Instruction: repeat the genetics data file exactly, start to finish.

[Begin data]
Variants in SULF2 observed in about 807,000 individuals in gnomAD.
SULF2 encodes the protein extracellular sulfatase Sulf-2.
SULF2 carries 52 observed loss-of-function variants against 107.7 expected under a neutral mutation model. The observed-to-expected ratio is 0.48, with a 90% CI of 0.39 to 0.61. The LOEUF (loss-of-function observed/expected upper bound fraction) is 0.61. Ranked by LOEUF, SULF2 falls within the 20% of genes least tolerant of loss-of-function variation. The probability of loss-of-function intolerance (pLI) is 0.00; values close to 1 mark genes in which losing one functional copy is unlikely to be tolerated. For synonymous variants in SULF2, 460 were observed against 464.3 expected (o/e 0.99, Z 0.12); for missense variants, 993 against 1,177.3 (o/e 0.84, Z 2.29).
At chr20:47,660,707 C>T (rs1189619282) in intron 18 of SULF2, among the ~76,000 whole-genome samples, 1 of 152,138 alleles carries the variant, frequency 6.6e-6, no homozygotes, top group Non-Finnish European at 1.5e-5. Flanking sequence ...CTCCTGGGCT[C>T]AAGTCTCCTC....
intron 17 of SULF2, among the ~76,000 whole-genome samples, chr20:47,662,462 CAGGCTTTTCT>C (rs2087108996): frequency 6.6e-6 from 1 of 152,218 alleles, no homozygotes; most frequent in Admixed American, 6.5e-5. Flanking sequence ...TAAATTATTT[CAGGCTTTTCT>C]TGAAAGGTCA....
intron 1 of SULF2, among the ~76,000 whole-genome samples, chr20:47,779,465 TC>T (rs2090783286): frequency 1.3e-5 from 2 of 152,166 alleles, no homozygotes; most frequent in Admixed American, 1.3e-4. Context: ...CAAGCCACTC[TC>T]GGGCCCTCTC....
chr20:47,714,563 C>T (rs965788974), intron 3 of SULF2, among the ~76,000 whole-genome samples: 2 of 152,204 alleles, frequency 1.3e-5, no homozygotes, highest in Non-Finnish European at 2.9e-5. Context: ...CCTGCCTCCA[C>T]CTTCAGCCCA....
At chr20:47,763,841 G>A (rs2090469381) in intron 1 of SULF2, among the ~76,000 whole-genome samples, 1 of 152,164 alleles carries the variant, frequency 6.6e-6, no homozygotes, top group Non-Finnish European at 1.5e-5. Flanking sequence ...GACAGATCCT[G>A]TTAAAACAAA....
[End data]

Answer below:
Variants in SULF2 observed in about 807,000 individuals in gnomAD.
SULF2 encodes the protein extracellular sulfatase Sulf-2.
SULF2 carries 52 observed loss-of-function variants against 107.7 expected under a neutral mutation model. The observed-to-expected ratio is 0.48, with a 90% CI of 0.39 to 0.61. The LOEUF (loss-of-function observed/expected upper bound fraction) is 0.61. Ranked by LOEUF, SULF2 falls within the 20% of genes least tolerant of loss-of-function variation. The probability of loss-of-function intolerance (pLI) is 0.00; values close to 1 mark genes in which losing one functional copy is unlikely to be tolerated. For synonymous variants in SULF2, 460 were observed against 464.3 expected (o/e 0.99, Z 0.12); for missense variants, 993 against 1,177.3 (o/e 0.84, Z 2.29).
At chr20:47,660,707 C>T (rs1189619282) in intron 18 of SULF2, among the ~76,000 whole-genome samples, 1 of 152,138 alleles carries the variant, frequency 6.6e-6, no homozygotes, top group Non-Finnish European at 1.5e-5. Flanking sequence ...CTCCTGGGCT[C>T]AAGTCTCCTC....
intron 17 of SULF2, among the ~76,000 whole-genome samples, chr20:47,662,462 CAGGCTTTTCT>C (rs2087108996): frequency 6.6e-6 from 1 of 152,218 alleles, no homozygotes; most frequent in Admixed American, 6.5e-5. Flanking sequence ...TAAATTATTT[CAGGCTTTTCT>C]TGAAAGGTCA....
intron 1 of SULF2, among the ~76,000 whole-genome samples, chr20:47,779,465 TC>T (rs2090783286): frequency 1.3e-5 from 2 of 152,166 alleles, no homozygotes; most frequent in Admixed American, 1.3e-4. Context: ...CAAGCCACTC[TC>T]GGGCCCTCTC....
chr20:47,714,563 C>T (rs965788974), intron 3 of SULF2, among the ~76,000 whole-genome samples: 2 of 152,204 alleles, frequency 1.3e-5, no homozygotes, highest in Non-Finnish European at 2.9e-5. Context: ...CCTGCCTCCA[C>T]CTTCAGCCCA....
At chr20:47,763,841 G>A (rs2090469381) in intron 1 of SULF2, among the ~76,000 whole-genome samples, 1 of 152,164 alleles carries the variant, frequency 6.6e-6, no homozygotes, top group Non-Finnish European at 1.5e-5. Flanking sequence ...GACAGATCCT[G>A]TTAAAACAAA....